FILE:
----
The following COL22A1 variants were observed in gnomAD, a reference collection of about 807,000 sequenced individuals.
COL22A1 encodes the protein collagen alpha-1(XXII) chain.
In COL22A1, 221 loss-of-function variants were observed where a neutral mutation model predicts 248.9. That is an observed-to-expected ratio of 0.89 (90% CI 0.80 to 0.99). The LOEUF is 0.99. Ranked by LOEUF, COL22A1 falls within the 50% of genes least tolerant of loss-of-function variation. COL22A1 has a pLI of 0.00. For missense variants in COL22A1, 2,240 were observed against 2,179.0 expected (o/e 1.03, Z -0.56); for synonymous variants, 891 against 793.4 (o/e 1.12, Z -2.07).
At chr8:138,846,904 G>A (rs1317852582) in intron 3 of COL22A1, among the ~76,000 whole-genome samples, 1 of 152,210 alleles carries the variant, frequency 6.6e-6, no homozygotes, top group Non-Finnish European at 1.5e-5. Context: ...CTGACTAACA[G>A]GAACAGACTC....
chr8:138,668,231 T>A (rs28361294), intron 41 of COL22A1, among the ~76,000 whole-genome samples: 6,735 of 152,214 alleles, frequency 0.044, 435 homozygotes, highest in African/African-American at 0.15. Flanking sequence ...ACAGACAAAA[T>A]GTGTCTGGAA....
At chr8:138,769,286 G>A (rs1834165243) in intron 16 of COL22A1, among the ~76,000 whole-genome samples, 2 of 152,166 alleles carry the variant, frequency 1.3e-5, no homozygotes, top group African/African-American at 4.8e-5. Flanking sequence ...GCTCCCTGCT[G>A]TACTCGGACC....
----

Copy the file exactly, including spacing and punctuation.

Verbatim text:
The following COL22A1 variants were observed in gnomAD, a reference collection of about 807,000 sequenced individuals.
COL22A1 encodes the protein collagen alpha-1(XXII) chain.
In COL22A1, 221 loss-of-function variants were observed where a neutral mutation model predicts 248.9. That is an observed-to-expected ratio of 0.89 (90% CI 0.80 to 0.99). The LOEUF is 0.99. Ranked by LOEUF, COL22A1 falls within the 50% of genes least tolerant of loss-of-function variation. COL22A1 has a pLI of 0.00. For missense variants in COL22A1, 2,240 were observed against 2,179.0 expected (o/e 1.03, Z -0.56); for synonymous variants, 891 against 793.4 (o/e 1.12, Z -2.07).
At chr8:138,846,904 G>A (rs1317852582) in intron 3 of COL22A1, among the ~76,000 whole-genome samples, 1 of 152,210 alleles carries the variant, frequency 6.6e-6, no homozygotes, top group Non-Finnish European at 1.5e-5. Context: ...CTGACTAACA[G>A]GAACAGACTC....
chr8:138,668,231 T>A (rs28361294), intron 41 of COL22A1, among the ~76,000 whole-genome samples: 6,735 of 152,214 alleles, frequency 0.044, 435 homozygotes, highest in African/African-American at 0.15. Flanking sequence ...ACAGACAAAA[T>A]GTGTCTGGAA....
At chr8:138,769,286 G>A (rs1834165243) in intron 16 of COL22A1, among the ~76,000 whole-genome samples, 2 of 152,166 alleles carry the variant, frequency 1.3e-5, no homozygotes, top group African/African-American at 4.8e-5. Flanking sequence ...GCTCCCTGCT[G>A]TACTCGGACC....